Discovery Health, one of the largest health insurers in South Africa, is developing a DRI as one component of its infection-control efforts with large public and private hospitals. Since 2009, Discovery Health has encouraged private hospitals to measure and report rates of four high-cost infections: central-line associated bloodstream infections (CLABSI), ventilator-associated pneumonia (VAP), catheter-associated urinary tract infections (CAUTI), and surgical site infections (SSI) as part of the nationwide Best Care … Always! (BCA) campaign, says Gareth Kantor, MD, an anesthesiologist and senior clinical consultant to Discovery Health. The insurer also collects data on hospital use of measures of overuse and underuse of antibiotics, such as multiple concurrent antibiotics, surgical prophylaxis rates, and appropriate use of microbiology tests when selecting antibiotics.
The BCA campaign was inspired by the work of the Institute for Healthcare Improvement, in Cambridge, Mass., which has provided technical assistance for South Africa’s public hospitals.
Another aspect of BCA involves developing and implementing antibiotic stewardship programs. “Currently, we have more than 200 public and private hospitals involved in this initiative,” Kantor says. “We have data from hospitals showing all infections declining in number. But the hospitals are not required to report. So we measure independently and feed our data back to providers, particularly on antibiotic utilization, both for stewardship purposes and as markers of health care-associated infections. We estimate that between 200 and 400 lives per year have been saved through the prevention of CLABSI alone.”
Diagnosis- and infection-rate data are often incomplete estimates because Discovery Health collects these numbers from claims.
“We don’t require hospitals to report their infection rate numbers partly because they have to learn to do so reliably and because we want to avoid any opportunity for gaming the system. Therefore, we are not confident in our measurements at the provider level, but we are sure that improvement is taking place overall,” Kantor says.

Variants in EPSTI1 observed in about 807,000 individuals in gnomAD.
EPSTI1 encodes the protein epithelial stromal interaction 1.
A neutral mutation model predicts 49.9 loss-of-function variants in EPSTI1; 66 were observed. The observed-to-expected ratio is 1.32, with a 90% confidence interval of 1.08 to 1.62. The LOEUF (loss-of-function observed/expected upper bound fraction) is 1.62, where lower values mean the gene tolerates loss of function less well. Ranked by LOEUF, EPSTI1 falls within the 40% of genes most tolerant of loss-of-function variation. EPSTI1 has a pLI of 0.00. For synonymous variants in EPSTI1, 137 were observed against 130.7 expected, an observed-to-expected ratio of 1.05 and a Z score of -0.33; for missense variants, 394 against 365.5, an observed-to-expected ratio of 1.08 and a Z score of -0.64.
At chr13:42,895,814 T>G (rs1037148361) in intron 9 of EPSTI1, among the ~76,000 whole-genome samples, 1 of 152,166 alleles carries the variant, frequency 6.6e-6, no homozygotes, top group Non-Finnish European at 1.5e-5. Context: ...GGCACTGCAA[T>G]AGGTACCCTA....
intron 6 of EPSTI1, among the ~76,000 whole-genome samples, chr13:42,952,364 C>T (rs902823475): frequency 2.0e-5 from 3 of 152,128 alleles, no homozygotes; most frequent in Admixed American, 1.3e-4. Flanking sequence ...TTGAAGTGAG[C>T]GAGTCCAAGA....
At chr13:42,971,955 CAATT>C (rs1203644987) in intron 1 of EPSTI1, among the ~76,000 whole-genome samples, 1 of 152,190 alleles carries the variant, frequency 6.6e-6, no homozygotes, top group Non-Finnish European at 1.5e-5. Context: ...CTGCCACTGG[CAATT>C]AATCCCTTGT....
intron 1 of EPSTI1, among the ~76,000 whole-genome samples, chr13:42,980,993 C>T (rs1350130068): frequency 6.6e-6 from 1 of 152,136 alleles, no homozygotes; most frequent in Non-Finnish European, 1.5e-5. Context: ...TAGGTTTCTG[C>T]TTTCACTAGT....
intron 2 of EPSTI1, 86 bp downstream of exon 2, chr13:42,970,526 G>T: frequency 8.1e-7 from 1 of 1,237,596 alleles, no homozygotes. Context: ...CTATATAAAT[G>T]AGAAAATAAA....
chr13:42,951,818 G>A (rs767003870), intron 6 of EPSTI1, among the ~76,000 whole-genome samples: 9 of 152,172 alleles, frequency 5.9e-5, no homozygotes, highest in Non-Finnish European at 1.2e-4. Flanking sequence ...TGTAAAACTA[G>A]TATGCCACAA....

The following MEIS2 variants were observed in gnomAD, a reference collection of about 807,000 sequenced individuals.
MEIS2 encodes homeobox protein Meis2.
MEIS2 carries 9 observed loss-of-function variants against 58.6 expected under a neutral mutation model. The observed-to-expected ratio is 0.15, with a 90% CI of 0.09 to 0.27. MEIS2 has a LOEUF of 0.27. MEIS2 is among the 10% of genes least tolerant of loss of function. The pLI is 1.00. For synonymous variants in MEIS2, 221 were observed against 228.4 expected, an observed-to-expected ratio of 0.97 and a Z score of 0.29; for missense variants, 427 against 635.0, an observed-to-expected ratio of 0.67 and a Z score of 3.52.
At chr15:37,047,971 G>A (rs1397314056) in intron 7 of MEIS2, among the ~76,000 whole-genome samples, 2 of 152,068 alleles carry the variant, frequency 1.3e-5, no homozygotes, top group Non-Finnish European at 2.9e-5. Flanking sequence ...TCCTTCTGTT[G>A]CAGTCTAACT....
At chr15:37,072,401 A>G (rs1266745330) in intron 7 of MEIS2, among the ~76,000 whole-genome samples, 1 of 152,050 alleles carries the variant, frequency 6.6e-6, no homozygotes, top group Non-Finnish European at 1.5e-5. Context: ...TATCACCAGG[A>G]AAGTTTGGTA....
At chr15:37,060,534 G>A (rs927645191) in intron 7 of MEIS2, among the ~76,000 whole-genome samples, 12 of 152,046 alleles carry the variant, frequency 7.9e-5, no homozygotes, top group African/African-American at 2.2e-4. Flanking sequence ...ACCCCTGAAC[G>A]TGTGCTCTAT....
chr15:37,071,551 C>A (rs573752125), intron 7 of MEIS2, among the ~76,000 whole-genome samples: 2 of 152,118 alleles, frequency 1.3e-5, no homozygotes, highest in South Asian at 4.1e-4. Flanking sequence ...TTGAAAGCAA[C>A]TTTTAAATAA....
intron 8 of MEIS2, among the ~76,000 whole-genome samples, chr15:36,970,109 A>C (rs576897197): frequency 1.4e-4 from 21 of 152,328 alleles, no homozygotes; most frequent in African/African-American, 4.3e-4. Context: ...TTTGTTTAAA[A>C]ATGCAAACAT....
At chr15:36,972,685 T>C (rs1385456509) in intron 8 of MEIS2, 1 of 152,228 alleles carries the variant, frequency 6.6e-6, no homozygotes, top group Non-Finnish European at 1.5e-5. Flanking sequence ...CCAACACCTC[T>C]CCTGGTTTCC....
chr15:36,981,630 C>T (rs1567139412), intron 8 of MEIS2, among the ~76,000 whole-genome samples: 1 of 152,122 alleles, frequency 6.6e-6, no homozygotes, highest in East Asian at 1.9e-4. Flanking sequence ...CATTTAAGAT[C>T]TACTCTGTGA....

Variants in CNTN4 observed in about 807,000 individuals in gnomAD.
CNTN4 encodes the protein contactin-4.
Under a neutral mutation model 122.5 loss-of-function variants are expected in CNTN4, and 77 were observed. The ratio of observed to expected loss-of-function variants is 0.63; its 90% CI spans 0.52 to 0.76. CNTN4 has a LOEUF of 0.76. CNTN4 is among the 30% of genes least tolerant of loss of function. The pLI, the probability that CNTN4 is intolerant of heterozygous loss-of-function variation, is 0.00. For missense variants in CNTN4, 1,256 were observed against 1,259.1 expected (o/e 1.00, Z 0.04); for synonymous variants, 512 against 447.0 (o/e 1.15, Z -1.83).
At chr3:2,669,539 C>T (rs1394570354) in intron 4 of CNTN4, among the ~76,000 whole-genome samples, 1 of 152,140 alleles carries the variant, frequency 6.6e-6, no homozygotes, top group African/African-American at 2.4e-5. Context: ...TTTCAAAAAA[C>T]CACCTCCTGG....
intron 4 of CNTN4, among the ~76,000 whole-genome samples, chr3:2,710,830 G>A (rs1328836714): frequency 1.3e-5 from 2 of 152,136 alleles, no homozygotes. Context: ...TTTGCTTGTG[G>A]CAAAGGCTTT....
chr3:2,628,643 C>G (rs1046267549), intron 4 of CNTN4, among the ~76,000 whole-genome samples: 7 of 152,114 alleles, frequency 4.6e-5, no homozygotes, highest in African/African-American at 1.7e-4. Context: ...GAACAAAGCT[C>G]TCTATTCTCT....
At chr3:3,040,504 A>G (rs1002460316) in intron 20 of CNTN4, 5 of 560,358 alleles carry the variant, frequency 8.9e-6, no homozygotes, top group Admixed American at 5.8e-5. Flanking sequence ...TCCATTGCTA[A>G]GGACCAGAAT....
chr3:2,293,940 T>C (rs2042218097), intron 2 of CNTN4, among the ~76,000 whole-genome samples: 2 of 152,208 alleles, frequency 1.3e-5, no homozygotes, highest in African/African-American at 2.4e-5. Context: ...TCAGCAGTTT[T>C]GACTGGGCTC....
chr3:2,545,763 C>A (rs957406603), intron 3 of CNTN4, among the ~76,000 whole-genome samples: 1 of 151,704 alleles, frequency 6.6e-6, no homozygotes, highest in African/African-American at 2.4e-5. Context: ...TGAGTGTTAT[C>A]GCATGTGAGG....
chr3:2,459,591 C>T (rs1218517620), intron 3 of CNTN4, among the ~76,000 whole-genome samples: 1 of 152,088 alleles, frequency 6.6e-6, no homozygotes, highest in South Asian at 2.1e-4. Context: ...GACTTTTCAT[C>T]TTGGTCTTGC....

“Our most important objective is to promote improvement across all hospitals, and, of course, some hospitals are better than others. When we see that, we encourage the sharing of best practices with other hospitals,” he adds.
The DRI would provide a high level measure of antibiotic resistance. To build the DRI, Discovery Health uses data on payments for quinolones and other antibiotics to treat urinary tract infections. These data are combined with numbers from the South African Society of Microbiology’s aggregated laboratory data from urine cultures growing Escherichia coli. The DRI shows that resistance to quinolones has been rising slowly in most areas.
“The problem is not so much with the methodology as that we don’t have all the data needed to measure a set of DRIs specific to common clinical syndromes, such as UTI or pneumonia and common pathogens. So far, we have simply looked at the use of antibiotics for one clinical syndrome,” Kantor explains. “Now we want to ask the clinicians and microbiologists if these numbers look real. If these measures appear to be accurate, we would advocate their use, along with properly defined infection rates, to monitor the use of our antibiotic stewardship initiatives.”
Using laboratory results for each pathogen and for each antibiotic being used in each hospital would produce a DRI for each hospital, Kantor says. “That could be our next step,” he adds.
As Discovery Health shows, health plans can play an important role in preventing antibiotic resistance, says James Cottam, PhD, global product manager for antimicrobial stewardship and health care-associated infection at Alere. “There are many areas where health plans can make a difference in terms of limiting and preventing resistance, such as requiring consistent reporting of infections and associated data and emphasizing stewardship programs in health care facilities,” he says.
“Another important area that health plans could concentrate on is increasing the awareness and use of rapid diagnostic testing among providers to better target and implement antibiotic choices as part of antimicrobial stewardship programs, both in primary and secondary care,” he adds. Alere is working with the Alliance for the Prudent Use of Antibiotics (APUA) at Tufts University to provide educational materials to health care professionals and health plans on the effect that rapid diagnostics can have on informed decision making and the appropriate use of antimicrobials. This educational campaign is called Test Target Treat.
Cottam echoes the comments of the CDC’s Srinivasan when citing the role that payment mechanisms play in fostering improvements in the use of antibiotics. “Financial incentives can have a big impact, although care needs to be taken to ensure that the scope and execution are appropriate. Such programs can focus attention and resources on important areas and break down potential obstacles to implementation,” he says.